But sometimes you may also want an electronic representation of your card. For example, if you’re working with distributed employees, you may want to show them the features via a wiki or collaboration website, as in Figure 12.7. You may also have a queue for customer requests, where your customers complete an electronic form that populates your backlog. You can print these cards for the feature-card exercise and update them online after the exercise if necessary.

Some teams don’t have a dedicated team room, and an electronic tool lets the team view feature information at their desks or other remote locations.

Figure 12.7 Tools such as SharePoint let you create feature cards electronically. Electronic cards can be used to supplement the use of physical cards and make it easier to distribute feature information to offshore teams or across a large enterprise.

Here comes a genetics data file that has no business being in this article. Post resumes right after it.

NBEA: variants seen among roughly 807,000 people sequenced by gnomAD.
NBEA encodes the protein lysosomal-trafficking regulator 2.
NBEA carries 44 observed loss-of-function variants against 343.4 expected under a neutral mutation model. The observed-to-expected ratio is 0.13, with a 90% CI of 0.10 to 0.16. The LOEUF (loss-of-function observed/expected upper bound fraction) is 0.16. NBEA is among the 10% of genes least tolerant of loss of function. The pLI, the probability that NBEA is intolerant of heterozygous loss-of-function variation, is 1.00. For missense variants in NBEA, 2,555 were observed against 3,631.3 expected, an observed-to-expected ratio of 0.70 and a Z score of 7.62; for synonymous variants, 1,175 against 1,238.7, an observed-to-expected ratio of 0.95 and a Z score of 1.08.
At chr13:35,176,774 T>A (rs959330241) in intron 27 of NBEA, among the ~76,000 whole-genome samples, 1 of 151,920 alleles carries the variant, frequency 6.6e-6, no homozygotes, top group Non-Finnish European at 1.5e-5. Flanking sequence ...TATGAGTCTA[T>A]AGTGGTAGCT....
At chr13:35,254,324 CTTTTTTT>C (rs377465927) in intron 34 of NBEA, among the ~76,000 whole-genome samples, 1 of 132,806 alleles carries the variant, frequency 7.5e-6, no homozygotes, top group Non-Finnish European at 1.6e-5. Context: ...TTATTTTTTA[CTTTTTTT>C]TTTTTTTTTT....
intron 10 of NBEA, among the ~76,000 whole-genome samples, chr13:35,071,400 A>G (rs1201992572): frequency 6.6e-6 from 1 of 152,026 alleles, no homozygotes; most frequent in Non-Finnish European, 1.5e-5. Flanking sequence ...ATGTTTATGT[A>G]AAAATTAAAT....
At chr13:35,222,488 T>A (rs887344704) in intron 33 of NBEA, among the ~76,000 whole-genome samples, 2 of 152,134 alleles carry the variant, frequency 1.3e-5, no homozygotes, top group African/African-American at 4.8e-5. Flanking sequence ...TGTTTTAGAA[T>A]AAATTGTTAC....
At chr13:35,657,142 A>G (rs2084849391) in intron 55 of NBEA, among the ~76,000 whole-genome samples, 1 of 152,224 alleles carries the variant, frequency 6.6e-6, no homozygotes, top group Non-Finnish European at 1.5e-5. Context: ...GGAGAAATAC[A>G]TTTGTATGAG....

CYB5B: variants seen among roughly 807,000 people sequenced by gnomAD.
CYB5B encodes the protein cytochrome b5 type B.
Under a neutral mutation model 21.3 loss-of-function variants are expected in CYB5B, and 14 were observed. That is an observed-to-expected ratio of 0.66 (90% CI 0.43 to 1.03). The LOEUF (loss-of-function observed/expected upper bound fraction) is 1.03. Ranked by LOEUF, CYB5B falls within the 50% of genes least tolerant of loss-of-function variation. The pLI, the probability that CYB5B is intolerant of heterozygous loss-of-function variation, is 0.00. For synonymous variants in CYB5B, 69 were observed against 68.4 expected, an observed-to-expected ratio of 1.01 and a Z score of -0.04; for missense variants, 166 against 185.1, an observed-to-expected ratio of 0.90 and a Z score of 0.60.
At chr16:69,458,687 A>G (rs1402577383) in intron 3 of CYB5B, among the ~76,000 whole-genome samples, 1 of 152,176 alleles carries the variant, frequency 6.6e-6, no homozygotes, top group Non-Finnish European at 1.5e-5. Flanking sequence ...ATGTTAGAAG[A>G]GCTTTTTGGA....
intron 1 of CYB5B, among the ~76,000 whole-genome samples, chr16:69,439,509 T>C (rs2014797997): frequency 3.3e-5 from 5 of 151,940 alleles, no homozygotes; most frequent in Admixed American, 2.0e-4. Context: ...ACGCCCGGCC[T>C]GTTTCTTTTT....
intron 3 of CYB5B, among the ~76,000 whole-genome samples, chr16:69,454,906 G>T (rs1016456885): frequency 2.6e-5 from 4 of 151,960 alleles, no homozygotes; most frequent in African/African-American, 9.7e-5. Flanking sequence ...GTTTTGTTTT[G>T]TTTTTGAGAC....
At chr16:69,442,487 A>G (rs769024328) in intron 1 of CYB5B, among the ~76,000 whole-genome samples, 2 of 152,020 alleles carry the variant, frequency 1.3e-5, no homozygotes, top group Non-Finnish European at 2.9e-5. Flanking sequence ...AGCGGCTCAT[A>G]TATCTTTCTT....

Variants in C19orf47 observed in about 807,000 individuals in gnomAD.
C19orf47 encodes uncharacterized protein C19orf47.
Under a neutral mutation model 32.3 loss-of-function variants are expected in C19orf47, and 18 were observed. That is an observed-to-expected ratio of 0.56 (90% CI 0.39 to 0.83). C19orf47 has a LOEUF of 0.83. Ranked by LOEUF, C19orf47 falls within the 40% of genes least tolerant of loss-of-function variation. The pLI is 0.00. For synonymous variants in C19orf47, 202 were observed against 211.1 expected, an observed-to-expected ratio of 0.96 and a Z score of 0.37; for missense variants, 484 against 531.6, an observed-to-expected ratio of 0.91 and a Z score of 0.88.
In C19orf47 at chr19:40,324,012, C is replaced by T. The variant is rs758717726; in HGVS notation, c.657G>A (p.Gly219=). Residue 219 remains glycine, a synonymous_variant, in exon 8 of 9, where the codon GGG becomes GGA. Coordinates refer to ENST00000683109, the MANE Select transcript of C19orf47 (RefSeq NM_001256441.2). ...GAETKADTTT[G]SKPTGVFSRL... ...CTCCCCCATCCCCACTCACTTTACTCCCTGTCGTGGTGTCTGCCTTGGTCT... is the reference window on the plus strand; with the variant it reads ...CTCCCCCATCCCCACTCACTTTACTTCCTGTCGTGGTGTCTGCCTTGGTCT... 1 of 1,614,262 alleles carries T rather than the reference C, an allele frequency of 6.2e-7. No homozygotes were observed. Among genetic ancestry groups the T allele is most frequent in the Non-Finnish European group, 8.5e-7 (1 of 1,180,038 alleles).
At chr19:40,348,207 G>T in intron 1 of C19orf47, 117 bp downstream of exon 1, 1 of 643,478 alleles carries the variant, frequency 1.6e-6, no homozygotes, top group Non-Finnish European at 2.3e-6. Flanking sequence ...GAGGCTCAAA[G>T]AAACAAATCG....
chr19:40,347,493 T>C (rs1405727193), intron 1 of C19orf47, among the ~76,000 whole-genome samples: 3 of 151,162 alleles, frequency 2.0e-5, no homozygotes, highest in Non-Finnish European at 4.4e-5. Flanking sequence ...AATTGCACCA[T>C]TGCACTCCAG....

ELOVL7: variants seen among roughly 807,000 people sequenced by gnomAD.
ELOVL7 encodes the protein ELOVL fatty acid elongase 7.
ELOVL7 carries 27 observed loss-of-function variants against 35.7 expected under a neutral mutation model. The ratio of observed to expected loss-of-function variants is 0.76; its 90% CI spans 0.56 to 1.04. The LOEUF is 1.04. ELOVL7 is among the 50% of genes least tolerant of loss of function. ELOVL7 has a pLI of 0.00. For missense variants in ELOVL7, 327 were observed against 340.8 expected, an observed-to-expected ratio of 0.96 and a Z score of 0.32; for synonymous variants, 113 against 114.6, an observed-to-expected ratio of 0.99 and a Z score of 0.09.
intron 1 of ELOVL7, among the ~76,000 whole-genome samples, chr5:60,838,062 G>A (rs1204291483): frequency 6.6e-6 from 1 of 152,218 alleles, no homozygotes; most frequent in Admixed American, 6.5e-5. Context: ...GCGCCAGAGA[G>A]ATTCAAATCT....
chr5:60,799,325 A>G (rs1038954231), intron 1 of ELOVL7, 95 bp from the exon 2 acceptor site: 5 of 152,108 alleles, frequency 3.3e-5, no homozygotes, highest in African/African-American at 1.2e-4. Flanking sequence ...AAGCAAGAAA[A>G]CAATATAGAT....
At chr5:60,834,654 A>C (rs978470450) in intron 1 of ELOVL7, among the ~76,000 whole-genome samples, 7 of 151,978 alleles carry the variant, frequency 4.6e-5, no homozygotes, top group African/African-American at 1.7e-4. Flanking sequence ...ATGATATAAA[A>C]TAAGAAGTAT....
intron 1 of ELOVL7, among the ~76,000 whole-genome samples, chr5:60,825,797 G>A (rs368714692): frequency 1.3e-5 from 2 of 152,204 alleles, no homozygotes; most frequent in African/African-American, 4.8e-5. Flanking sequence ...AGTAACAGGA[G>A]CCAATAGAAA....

Referenced Screen


A Case Study from a Real Project Manager Using Both Physical and Electronic Cards

When I was initially trained on Agile processes, I was told to always use index cards or paper for the feature cards. The team could quickly create, edit, view, and move index cards. The physical paper was also conducive to collaboration and conversation. I totally support this approach, and I can attest that paper works great for the feature-card exercise.

On occasion, though, I’ve had issues with paper after the feature-card exercise. I’ve worked in several environments where we couldn’t get a dedicated team room, so we couldn’t leave our artifacts on the wall. In those instances, we brought a computer and a digital camera with us to the team room. We created the feature cards in Microsoft Word and used a digital camera to take a picture of any sequencing work. We then posted the information on a team website that all team members could go to whenever they wanted—they didn’t have to find the physical feature cards. When necessary, we printed out the feature cards and went back to work passing them around physically and writing on them.